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Fellowship Baptist Church removes JD Hall from membership, says wife did not want abuse reported

JD Hall
JD Hall |

The fractured relationship between Fellowship Baptist Church in Sidney, Montana, and its former pastor, Jordan Daniel "J.D." Hall, over the alleged physical abuse of his family and drug addiction has grown even wider as the church announced Monday that his membership was revoked over a failure to show repentance.

"Effective July 24th, 2022, Fellowship Baptist Church of Sidney, MT, has voted to remove Jordan Hall from membership in poor standing due to a failure to demonstrate repentance for sins that he had committed against his family, his church, and his God," Fellowship Baptist Church leaders noted in a statement online.

"Our petition to the Lord has been and continues to be that Jordan will humbly take responsibility for his actions, cease his attempts at undermining the integrity of the people he sinned against, and commit himself fully to whatever is necessary to rebuild trust among those that he has deceived and abused. Please join us in prayerful hope that Jordan will be humbled through this final act of discipline and will ultimately be restored to fellowship with the Body of Christ."

Hall, a polemics blogger well-known for his scathing criticisms of Christian leaders, was removed as pastor of Fellowship Baptist Church last month over an alleged addiction to the prescription drug Xanax. He was also axed from his polemics website Protestia, which formerly operated as Pulpit & Pen.

Earlier this month, Caleb Snodgrass, an elder at Fellowship Baptist Church who has been serving in that role for approximately four years, told The Christian Post that Hall's wife, Mandy, reported to church officials on June 5 that he physically abused her and her son.

In their statement Monday, church leaders noted that Hall's wife asked them not to report the abuse to authorities. But after reviewing Montana law, the leaders felt it was "necessary for this information to be shared with authorities." They noted that it was not the church's intention to make the abuse public.

"Sidney Police and DPHHS/CFSD were informed by church leadership of accusations that we received of spousal abuse and abuse of a minor child within the Hall family. Note: this information was shared with us by individuals within the Hall family," church officials said.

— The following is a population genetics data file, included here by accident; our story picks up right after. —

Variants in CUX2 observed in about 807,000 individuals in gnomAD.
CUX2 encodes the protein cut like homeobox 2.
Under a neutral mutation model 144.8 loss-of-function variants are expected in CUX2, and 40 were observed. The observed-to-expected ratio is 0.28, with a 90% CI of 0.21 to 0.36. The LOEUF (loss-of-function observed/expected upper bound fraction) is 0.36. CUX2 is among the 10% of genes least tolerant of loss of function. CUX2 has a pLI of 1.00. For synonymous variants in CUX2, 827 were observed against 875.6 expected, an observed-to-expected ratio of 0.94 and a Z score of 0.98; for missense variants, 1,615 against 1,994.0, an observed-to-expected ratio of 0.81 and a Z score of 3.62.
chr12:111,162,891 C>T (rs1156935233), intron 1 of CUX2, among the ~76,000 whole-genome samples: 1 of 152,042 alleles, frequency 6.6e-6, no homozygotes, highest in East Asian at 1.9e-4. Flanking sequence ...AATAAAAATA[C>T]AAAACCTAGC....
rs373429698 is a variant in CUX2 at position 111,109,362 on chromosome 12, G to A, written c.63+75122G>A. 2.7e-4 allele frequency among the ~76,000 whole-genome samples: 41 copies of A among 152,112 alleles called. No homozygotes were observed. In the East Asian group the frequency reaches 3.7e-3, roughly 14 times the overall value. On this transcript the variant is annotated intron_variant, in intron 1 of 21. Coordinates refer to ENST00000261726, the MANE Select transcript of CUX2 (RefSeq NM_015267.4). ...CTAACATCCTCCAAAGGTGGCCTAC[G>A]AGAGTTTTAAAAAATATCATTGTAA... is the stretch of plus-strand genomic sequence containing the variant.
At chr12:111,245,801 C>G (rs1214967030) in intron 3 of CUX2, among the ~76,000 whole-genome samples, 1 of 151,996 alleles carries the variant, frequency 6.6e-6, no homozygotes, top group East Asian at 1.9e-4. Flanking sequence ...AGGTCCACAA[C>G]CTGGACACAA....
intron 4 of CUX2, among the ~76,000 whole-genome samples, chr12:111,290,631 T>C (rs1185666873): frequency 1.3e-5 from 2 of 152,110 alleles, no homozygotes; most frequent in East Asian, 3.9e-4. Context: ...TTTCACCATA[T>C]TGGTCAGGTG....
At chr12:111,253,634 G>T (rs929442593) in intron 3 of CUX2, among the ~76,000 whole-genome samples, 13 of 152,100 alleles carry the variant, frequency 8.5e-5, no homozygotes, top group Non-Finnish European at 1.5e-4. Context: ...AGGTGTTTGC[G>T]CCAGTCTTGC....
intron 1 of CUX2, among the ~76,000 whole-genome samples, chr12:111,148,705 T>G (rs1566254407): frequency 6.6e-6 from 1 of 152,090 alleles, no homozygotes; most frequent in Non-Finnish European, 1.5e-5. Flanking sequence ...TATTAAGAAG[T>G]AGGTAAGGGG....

"Jordan's wife explicitly stated that she did not want us to report it. Through investigation into the Montana statute regarding mandatory reporting for clergy and caregivers within the foster care system (also applicable to individuals in our leadership), we decided it was necessary for this information to be shared with authorities," the statement explained. "In order to protect the victims of the alleged abuse from public scrutiny, we had intended for this information to not be made public."

Hall's troubles that led to his fall from his pulpit began in May when he was arrested on DUI and weapons charges.

A report from the Sidney Police Department cited by The Sidney Herald said Hall, 40, was arrested on May 11 at approximately 11 p.m. on suspicion of carrying a concealed weapon and multiple traffic violations while driving under the influence of alcohol/drugs.

An incident report shows that when police approached Hall, he spoke slowly, his eyes were watery, closed slowly and deliberately and his speech was slurred and mumbled.

He also stumbled, displayed poor balance and performed poorly on a field sobriety test. No alcohol was found in his system when a blood alcohol test was administered. He also had a Smith & Wesson M&P 2.0 Shield handgun, which was found under his coat in an inside-the-waistband holster during his arrest, the report added.

Fellowship Baptist Church leaders say they were unaware of Hall's drug addiction when they defended him publicly and rejected his initial offer to resign.

The church removed a statement from Hall's wife on the church's public Facebook page rebuking leaders for reporting Hall's physical abuse of her and her son to authorities "to avoid a public discussion of the context behind the post."

"At no point were any of our decisions regarding public comment or the manner in which we conducted church discipline upon Jordan informed by a desire to cover-up sins or to preserve his public persona," the church's statement reads. 

"Our main concern was the welfare of our local church, the Hall family, and Jordan's soul, while making our best attempt at handling the situation with integrity to the Scriptures. Our desire to avoid gossip and backbiting led us to weigh carefully what we felt was necessary to share with the prying eyes of the public and when it would be appropriate to make public commentary. We are well aware that many will disagree with our assessment, but we are primarily concerned with our accountability to God and the local church."

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